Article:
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During the Vietnam War, Warrant Officer Class 2 Rayene Simpson was one of only four Australian soldiers awarded the Victoria Cross, the British Commonwealth’s highest decoration for combat valor and the equivalent of America’s Medal of Honor. Until fairly recently, most Commonwealth nations used the British system of military awards. Since the 1990s, Australia, Canada and New Zealand have established unique military awards systems but retain their versions of the Victoria Cross at the apex of their valor pyramids.

In 1944 Simpson enlisted in the Australian army at age 18 and was assigned to a pioneer (combat engineer) battalion. He demobilized in 1947. Simpson reenlisted in 1951 and served in Korea with the 3rd Battalion, Royal Australian Regiment. He was sent to Malaya in 1955 for two years with the same unit. In 1957 Simpson was assigned to the 1st Special Air Service Company, the equivalent of the U.S. Army’s Special Forces. In July 1962 he went to Vietnam as a member of the Australian Army Training Team Vietnam.

Simpson returned to Vietnam in July 1964 for a second tour with the training team. He was leading a Mobile Strike Force patrol of local militiamen on Sept. 16 when it was ambushed near Nha Trang in South Vietnam’s central coastlands. Simpson was severely wounded but fought off multiple enemy assaults as he radioed for enforcements. By the time he was medevaced to the 6th Field Hospital, Simpson had almost died from loss of blood.

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For his actions that day, Simpson was awarded the Distinguished Conduct Medal, the British equivalent of the Distinguished Service Cross, the U.S. Army’s second-highest valor award.

After recuperating in Japan, Simpson returned to Australia and left the Army in May 1966. A year later, he reenlisted and returned to Vietnam for a third tour with the training team.

On May 6, 1969, he was serving as the commander of the U.S. Special Forces’ 232nd Mobile Strike Force Company in the Central Highlands when one of his platoons became heavily engaged with Viet Cong in Kontum province. Simpson, at the front of his company, led an assault on the enemy’s left flank.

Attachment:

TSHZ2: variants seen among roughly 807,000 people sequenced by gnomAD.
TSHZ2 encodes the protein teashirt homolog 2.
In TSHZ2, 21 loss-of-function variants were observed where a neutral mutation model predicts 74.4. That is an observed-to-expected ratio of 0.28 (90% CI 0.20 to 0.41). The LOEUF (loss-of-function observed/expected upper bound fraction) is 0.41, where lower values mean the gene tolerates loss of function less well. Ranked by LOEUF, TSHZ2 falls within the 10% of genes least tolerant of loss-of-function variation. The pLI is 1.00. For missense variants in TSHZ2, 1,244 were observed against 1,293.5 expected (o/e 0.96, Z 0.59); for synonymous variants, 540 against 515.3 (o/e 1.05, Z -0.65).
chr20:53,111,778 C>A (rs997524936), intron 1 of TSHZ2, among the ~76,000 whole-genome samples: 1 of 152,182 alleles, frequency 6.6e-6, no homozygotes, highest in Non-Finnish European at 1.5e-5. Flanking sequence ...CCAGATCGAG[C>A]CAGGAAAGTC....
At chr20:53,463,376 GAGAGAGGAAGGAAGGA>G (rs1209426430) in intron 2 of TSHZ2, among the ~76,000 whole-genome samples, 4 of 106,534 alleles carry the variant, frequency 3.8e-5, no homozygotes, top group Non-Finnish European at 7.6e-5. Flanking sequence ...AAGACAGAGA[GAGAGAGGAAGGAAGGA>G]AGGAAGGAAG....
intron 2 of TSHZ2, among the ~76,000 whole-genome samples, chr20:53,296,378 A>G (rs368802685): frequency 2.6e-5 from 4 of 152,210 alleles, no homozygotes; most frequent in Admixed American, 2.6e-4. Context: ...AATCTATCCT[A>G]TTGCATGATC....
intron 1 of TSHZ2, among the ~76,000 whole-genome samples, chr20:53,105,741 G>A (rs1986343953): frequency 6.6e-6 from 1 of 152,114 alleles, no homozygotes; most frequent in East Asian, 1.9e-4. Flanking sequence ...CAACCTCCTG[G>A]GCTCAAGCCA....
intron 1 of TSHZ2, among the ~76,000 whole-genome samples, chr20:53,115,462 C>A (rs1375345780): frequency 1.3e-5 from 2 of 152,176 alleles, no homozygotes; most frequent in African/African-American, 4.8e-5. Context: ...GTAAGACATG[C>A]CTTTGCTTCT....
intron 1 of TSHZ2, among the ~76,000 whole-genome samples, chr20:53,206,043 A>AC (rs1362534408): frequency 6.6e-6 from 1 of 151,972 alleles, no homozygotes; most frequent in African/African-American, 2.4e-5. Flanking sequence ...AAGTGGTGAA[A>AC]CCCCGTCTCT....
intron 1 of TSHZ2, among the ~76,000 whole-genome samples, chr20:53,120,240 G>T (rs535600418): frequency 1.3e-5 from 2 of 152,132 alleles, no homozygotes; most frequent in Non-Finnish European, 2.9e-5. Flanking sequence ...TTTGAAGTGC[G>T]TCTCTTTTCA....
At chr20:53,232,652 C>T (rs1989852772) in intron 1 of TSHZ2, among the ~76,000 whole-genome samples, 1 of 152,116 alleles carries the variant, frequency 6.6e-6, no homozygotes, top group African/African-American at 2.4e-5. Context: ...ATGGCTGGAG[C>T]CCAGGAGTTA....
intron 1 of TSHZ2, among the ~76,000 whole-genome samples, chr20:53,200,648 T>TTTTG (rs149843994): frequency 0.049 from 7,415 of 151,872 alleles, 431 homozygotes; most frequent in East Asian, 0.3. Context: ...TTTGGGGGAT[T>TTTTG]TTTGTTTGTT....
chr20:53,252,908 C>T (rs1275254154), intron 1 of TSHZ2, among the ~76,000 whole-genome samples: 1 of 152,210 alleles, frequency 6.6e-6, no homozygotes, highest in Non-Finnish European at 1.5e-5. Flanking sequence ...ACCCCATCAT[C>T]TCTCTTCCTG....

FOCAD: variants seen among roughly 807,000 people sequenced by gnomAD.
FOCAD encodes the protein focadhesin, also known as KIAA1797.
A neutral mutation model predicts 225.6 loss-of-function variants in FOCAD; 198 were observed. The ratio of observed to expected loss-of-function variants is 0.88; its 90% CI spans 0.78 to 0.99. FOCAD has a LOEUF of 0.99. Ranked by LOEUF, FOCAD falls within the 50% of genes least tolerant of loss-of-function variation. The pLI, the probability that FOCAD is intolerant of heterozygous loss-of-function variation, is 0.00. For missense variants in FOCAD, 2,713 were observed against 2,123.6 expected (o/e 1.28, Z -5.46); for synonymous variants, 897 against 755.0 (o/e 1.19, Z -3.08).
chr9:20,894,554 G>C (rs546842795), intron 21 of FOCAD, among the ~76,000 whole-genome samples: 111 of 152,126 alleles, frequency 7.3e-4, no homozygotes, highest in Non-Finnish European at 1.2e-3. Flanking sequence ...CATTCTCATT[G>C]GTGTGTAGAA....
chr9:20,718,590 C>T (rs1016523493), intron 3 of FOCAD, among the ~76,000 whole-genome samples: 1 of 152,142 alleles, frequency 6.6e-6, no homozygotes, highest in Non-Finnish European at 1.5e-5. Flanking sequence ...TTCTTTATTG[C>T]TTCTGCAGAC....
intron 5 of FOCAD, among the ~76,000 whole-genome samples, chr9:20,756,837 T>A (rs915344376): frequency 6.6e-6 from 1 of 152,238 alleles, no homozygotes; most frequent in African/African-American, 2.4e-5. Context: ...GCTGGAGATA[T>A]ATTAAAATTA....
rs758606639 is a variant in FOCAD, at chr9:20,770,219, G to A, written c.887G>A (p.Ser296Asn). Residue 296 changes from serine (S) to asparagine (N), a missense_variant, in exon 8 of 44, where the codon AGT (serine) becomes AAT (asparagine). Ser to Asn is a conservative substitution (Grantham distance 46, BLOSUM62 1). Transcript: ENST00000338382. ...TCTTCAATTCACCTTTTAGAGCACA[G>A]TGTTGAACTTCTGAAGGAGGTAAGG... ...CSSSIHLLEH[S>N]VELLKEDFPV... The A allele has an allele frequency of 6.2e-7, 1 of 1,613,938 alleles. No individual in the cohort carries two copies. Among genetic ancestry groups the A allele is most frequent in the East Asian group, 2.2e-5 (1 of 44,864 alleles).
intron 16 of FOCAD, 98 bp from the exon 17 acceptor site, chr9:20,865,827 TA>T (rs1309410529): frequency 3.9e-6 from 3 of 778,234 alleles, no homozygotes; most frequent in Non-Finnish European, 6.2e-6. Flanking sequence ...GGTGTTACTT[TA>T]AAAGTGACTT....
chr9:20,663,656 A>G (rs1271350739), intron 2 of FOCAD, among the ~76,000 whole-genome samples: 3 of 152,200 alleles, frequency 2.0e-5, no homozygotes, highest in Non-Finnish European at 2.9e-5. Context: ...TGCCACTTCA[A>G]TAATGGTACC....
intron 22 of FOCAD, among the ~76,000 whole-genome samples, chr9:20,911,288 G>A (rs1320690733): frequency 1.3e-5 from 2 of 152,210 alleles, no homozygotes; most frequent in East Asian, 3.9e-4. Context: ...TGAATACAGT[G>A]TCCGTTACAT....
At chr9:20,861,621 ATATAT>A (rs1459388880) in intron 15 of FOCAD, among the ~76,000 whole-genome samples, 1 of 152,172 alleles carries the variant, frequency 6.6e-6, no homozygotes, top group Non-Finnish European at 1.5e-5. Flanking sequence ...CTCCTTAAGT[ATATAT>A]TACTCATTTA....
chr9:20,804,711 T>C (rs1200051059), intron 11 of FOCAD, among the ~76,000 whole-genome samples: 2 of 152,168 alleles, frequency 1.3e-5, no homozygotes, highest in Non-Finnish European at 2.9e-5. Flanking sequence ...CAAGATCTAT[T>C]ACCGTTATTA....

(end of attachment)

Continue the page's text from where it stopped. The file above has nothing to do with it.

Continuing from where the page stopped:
When one of his Australian platoon leaders was hit, Simpson moved over open ground under heavy fire and carried him to a temporary position of safety. He then crawled to within 10 yards of the enemy troops and threw grenades into their position. Unable to break the contact, Simpson waited until darkness fell and then used smoke grenades to cover his company’s withdrawal. He carried out the wounded platoon leader.

Five days later on May 11, Simpson’s entire battalion engaged the Viet Cong. The battalion commander was killed at the start of the action. Simpson repeatedly led spoiling attacks against the enemy while directing the withdrawal of the wounded. He was awarded the Victoria Cross and the U.S. Silver Star for his actions on May 6 and 11, 1969.

Simpson retired from the Australian army in May 1970. In 1972 he was appointed an administrative officer at the Australian embassy in Tokyo. Simpson died of cancer in Tokyo in October 1978 and was buried at Japan’s Yokohama War Cemetery.

Retired Army Maj. Gen. David T. Zabecki is Vietnam magazine’s editor emeritus.

This article appeared in the June 2022 issue of Vietnam magazine.